Last week, we began an in-depth conversation with Jessica Lee, a veterinary industry pro who’s widely recognized as a wellness plan expert. As VCP’s director of veterinary solutions, she’s seen firsthand how missteps can sabotage a well-run wellness plan program. Today, she helps VCP’s clients avoid these pitfalls as a wellness plan program coach.
In this lightly edited interview with Lee, she outlines common stumbling blocks that can hamper the implementation of an effective wellness plan program, such as too little time, undefined pet-care protocols, and skepticism from veterinary practice staff.
Let’s start by talking about time. Why do veterinarians need to budget time for a new wellness plan program?
Time is a significant factor. Time becomes an issue because many veterinary practices have multiple large initiatives going on at once. They may be stretched for time to devote to planning, preparing, and training. A wellness plan program touches on all aspects of the practice and impacts everyone — meaning there’s a lot to do.
Practices need to make a series of decisions before rolling out a wellness plan program. This includes:
- Coming up with standardized preventive-care protocols
- Determining pricing
- Deciding how they’re going to manage the plans and track usage
- Setting goals and metrics for success
- Potentially creating new codes in their practice management software
- Generating client service contracts
- Learning and understanding the difference between recurring billing versus recurring payments
- Planning how the practice will handle missed payments
- Developing marketing materials and marketing initiatives
- Training the team on technical aspects of selling the plan, including the “why” behind the wellness plan program
This is often where a partner like VCP can spell the difference between success and failure. For example, without a proactive renewal strategy, veterinarians may not realize that their renewal rate will likely fall in the industry norm of about 50% to 60%. At this rate, their wellness plan program will quickly stagnate, rather than grow.
How are a lack of consistent preventive care protocols a roadblock? How have veterinary practices overcome this challenge?
I see this more in larger practices, usually when the practice doesn’t have written standards of care. The good news is it’s an opportunity to solidify and build consistency in standards of care.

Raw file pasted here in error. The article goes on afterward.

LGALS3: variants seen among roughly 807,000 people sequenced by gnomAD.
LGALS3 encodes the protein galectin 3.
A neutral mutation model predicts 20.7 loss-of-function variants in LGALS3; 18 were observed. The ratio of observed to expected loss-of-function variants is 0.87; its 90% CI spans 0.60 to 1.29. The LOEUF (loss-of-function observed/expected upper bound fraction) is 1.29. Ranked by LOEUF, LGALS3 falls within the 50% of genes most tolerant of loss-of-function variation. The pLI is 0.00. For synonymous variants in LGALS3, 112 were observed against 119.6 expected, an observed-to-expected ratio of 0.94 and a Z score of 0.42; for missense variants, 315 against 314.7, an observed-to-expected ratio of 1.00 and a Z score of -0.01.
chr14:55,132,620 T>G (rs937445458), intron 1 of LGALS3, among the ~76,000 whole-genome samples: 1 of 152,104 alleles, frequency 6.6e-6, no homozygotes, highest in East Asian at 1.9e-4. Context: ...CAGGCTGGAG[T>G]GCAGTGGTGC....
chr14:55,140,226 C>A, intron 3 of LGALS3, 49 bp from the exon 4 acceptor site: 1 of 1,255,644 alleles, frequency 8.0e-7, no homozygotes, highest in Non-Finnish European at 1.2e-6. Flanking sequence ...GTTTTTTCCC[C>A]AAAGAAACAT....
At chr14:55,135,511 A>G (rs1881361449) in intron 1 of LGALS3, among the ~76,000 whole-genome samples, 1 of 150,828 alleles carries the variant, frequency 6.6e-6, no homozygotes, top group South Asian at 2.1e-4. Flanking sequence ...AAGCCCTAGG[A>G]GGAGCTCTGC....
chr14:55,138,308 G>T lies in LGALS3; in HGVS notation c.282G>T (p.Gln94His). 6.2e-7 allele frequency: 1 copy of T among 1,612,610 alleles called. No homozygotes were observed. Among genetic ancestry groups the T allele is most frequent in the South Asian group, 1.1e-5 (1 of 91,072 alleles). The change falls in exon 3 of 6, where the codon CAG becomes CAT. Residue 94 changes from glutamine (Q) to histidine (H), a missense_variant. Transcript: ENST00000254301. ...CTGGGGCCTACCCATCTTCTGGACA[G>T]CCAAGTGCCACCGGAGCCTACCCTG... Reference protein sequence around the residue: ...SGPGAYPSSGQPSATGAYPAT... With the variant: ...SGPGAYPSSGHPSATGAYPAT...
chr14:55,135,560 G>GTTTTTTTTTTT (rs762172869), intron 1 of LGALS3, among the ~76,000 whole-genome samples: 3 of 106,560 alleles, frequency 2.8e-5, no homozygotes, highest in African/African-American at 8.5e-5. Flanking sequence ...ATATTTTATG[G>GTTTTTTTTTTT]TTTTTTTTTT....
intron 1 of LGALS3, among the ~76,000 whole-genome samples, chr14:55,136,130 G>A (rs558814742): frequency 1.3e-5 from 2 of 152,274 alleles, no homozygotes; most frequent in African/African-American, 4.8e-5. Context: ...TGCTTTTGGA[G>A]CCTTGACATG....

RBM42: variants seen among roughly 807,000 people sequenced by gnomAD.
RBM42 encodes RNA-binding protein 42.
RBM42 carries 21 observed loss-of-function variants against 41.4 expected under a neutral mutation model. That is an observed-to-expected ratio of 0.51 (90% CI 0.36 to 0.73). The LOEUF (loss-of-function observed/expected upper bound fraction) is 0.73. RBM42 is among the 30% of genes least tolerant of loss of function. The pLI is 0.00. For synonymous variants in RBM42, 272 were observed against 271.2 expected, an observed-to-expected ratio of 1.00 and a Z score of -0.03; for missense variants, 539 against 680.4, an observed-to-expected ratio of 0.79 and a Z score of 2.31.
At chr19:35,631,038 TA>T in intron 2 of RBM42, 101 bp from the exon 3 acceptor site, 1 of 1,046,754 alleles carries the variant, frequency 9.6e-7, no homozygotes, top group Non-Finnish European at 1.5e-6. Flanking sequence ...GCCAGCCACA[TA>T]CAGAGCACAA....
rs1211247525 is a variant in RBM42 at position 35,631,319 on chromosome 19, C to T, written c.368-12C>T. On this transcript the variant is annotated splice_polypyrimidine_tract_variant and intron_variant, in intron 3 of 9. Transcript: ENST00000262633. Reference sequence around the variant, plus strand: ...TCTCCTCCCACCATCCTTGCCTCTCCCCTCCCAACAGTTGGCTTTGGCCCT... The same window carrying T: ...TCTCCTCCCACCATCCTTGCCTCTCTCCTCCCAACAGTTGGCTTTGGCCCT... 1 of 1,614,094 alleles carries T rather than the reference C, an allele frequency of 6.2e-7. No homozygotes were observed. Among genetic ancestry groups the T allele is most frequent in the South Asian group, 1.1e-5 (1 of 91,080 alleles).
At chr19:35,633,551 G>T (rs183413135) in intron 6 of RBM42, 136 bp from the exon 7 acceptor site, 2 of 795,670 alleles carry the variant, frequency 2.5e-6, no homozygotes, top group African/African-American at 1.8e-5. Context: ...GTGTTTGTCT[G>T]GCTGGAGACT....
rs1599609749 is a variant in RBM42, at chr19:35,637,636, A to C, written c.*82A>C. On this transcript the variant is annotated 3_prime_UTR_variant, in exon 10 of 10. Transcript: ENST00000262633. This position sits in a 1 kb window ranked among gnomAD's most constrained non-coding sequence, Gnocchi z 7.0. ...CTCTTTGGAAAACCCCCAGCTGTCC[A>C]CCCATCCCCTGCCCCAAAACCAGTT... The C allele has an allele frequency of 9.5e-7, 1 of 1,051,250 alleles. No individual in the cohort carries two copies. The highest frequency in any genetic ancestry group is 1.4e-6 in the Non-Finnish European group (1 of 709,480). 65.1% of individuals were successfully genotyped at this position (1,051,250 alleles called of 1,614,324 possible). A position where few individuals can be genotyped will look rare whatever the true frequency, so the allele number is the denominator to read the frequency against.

I worked with a practice with several doctors, where each doctor had for years followed their own preventive care protocols and made different recommendations. When the owners decided to offer wellness plans, the decision created some conflict at first. However, the upside was the decision got everyone to sit down, present their case, and come to an agreement on core recommendations.
Every doctor felt heard and involved in the process, so that when it came time to offer the plans, everyone was on board. Involving doctors was key to buy-in. This way, everyone bought into the concept, and with the addition of optional services, they could customize the plan for each patient based on lifestyle and the particular pet’s needs, so that all needs were met.
Let’s stay on this topic. What’s been your experience with staff or veterinarians who exhibit reluctance or hesitancy about a new wellness plan program? What should veterinary practices do in these cases?
This issue boils down to education. Once staff and associates understand the value to the pet and the pet owner, they don’t need much convincing that wellness plan programs are a good thing.
Educating them means they need to be kept in the loop throughout the process. It’s vital to frame everything in the context of benefits to pets: improving care, increasing compliance, and making each pet an exclusive member of the practice.
As with anything that requires change, there can be push back. If the team believes in what you are doing, it will make your program work. If the team doesn’t, it will go nowhere.
A common issue I’ve seen is when plans offer a small discount and doctors are paid on production. Often, there’s an initial concern that production pay will drop. In fact, the exact opposite happens. Overall, doctors are performing more services in the plan, because compliance is improved, and clients agree to additional services outside of the plan more readily.
Do specific examples come to mind where the staff was initially resistant to a wellness plan program?
There was a practice where one of the associates didn’t wish to participate. Well, within a month she’d shifted her attitude about the plans. She saw the other doctors were able to run diagnostic panels and perform other services on wellness-plan pets. She soon realized that not only was it better medicine, but her production would also rise as a result.
Often, practices can overcome staff resistance by creating goals and celebrating success. Although I don’t recommend individual sales incentives, because you want multiple people involved in educating the client, team incentives can be a driver, especially in the beginning until a habit has been formed.
For example, if running a diagnostic panel on a wellness-plan pet detects disease early, share that with everyone. Celebrate your team’s successes and your pets’ good health.
We’ve covered a lot of ground today describing how veterinary practices can avoid surprises that could undermine the success of a wellness plan program. Next week, we’ll debunk three common myths about wellness plan programs.
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